UNIMPROVED BRONZE TURKEY
INCLUDES RIDLEY BRONZE
||North America and United Kingdom|
||Critical (Canada) Rare (USA), |
||Primitive Broad Breasted Bronze, Ridley Bronze (Canadian strain)|
Turkeys are the only fowl that originated in the Americas. When the Spanish Conquistadors landed in Mexico in 1519 they discovered that Turkeys were already domesticated (Crawford, 1990). Archeological information indicates that the turkey was domesticated around 200 BC in the Tehuacan area of Mexico. The Spanish, on their return home introduced them to Europe. Their classification and Latin name Meleagris gallopavo however did not appear in the literature before the18th Century. The name is a combination of the names for Guinea fowl (meleagris), the chicken (gallus) and the peafowl (pavo) (Hawes, 1999).
In about 1625 the turkey was reintroduced to Eastern North America from England by the Pilgrims. They bred with the indigenous turkey of that area to produce the bronze coloured bird that became the foundation of the modern turkey (Crawford, 1990).
The wild turkey was at that time distributed all over the North American continent and had been given the name of M.g. silvestris meaning that it was a bird of the forest and open glade. This name still applies to the wild turkeys that have been successfully reintroduced into Eastern Canada recently.
The development of the modern Broad Breasted Bronze is credited to an Englishman, Jesse Throssel (Davey, 1974). He had been selecting turkeys for hatchability and meat production for many years. After arriving in Canada in 1926 he decided to import birds of his own breeding in 1927 (Crawford 1990). His hatchery in B.C. was successful and ultimately he sent some of his birds to Oregon and California where they were they met with great favour. This was the true beginning of the modern turkey industry.
Unfortunately the modern Broad Breasted Bronze male become so heavy that it could not breed naturally. This situation also applies to the Heavy White Turkey and to resolve this dilemma the modern turkey industry has to resort to artificial insemination. This necessitates a team of qualified people milking the toms for their semen and inseminating the females as soon as possible after the semen is drawn.
Rare Breeds Canada, on the advice of Dr. R.D. Crawford, decided to concentrate their efforts on the Ridley Bronze Turkey. Although not an extremely heavy turkey it has a good body mass and can breed naturally.
There is no definitive information as to the actual history and origin of this particular strain of Bronze Turkey however, Dr Crawford remembers that George Ridley used to supply the Anstey Hatchery in Saskatoon with hatching eggs from this particular strain.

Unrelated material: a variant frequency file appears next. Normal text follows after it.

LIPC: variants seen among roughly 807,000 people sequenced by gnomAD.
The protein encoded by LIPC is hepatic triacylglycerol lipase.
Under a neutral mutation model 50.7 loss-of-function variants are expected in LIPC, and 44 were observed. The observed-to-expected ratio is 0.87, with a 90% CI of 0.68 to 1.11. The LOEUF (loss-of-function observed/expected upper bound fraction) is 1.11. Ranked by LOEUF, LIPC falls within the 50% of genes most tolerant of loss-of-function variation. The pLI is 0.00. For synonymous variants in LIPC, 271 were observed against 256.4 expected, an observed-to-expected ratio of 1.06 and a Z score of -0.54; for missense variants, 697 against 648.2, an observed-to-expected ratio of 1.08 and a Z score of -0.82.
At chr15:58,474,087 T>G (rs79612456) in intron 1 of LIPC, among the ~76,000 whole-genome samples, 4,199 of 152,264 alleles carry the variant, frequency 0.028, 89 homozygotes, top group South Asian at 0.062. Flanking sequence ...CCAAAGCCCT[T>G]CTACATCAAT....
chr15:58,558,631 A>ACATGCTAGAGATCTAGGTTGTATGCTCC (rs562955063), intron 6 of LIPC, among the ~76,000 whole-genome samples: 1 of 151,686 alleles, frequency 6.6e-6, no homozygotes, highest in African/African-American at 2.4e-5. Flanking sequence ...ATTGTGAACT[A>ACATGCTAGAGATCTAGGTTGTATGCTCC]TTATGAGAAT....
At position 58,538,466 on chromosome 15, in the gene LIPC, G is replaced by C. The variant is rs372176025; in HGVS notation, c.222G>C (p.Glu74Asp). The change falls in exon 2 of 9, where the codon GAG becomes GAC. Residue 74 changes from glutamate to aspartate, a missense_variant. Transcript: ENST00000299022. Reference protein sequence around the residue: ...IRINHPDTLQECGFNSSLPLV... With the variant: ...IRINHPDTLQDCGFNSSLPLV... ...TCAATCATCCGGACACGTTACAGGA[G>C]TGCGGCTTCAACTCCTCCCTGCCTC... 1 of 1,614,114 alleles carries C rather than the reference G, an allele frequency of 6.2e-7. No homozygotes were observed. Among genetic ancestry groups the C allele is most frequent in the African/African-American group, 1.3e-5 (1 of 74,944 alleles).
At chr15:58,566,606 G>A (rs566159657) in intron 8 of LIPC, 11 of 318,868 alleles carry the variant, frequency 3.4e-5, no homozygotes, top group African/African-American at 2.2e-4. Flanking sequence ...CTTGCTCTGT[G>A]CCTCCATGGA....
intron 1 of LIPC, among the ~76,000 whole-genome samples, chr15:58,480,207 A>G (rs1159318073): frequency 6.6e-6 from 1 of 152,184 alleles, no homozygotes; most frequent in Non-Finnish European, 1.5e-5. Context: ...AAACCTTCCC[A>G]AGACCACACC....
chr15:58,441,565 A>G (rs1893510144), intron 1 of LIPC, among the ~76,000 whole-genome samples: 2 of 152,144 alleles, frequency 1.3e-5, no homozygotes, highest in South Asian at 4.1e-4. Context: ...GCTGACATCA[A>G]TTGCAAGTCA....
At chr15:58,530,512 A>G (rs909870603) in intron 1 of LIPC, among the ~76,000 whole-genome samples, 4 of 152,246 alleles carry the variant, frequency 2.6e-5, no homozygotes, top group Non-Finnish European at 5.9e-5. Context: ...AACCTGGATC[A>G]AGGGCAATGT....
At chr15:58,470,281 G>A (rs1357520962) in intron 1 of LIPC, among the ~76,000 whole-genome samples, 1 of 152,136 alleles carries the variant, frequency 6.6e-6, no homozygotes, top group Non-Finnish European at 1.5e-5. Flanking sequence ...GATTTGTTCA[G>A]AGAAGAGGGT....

When Dr Crawford heard that Anstey hatchery would no longer be hatching this strain he decided to add them to his flocks of rare poultry at the University of Saskatchewan.
Future Of the Breed
A concerted conservation effort is required to save this useful strain of turkeys from extinction. Its ability to breed naturally, among its other attributes, could be of value to the turkey industry in the future.
The Bronze colouring in turkeys is best described as follows: A good metallic Bronze throughout with the female showing slightly lighter ticking on the breast. The flight feathers on the wings must be black with distinct white barring. The tail is bronze in colour with a broad black band edged with white at the outer edge. The caruncles (the odd looking wrinkled skin on the upper neck and on top of the head must be bright red). The snood which is the odd fleshy apendage on the head must also be bright red but both the caruncles and the snood can also have a bluish tinge when the male displays his masculinity.
Ridley toms about 9kg, hens about 7kg
Egg production ranges from 50 to 85 eggs per hen and all reports indicate a great variation in fertility and hatchability. (pers com. R. Gonda and Robert van den Hoef)
Extremely hardy, will roost outside. Laying is seasonal from mid March to mid July in Southern Canada
Non intensive production on family farms. Niche marketing of excellent quality meat.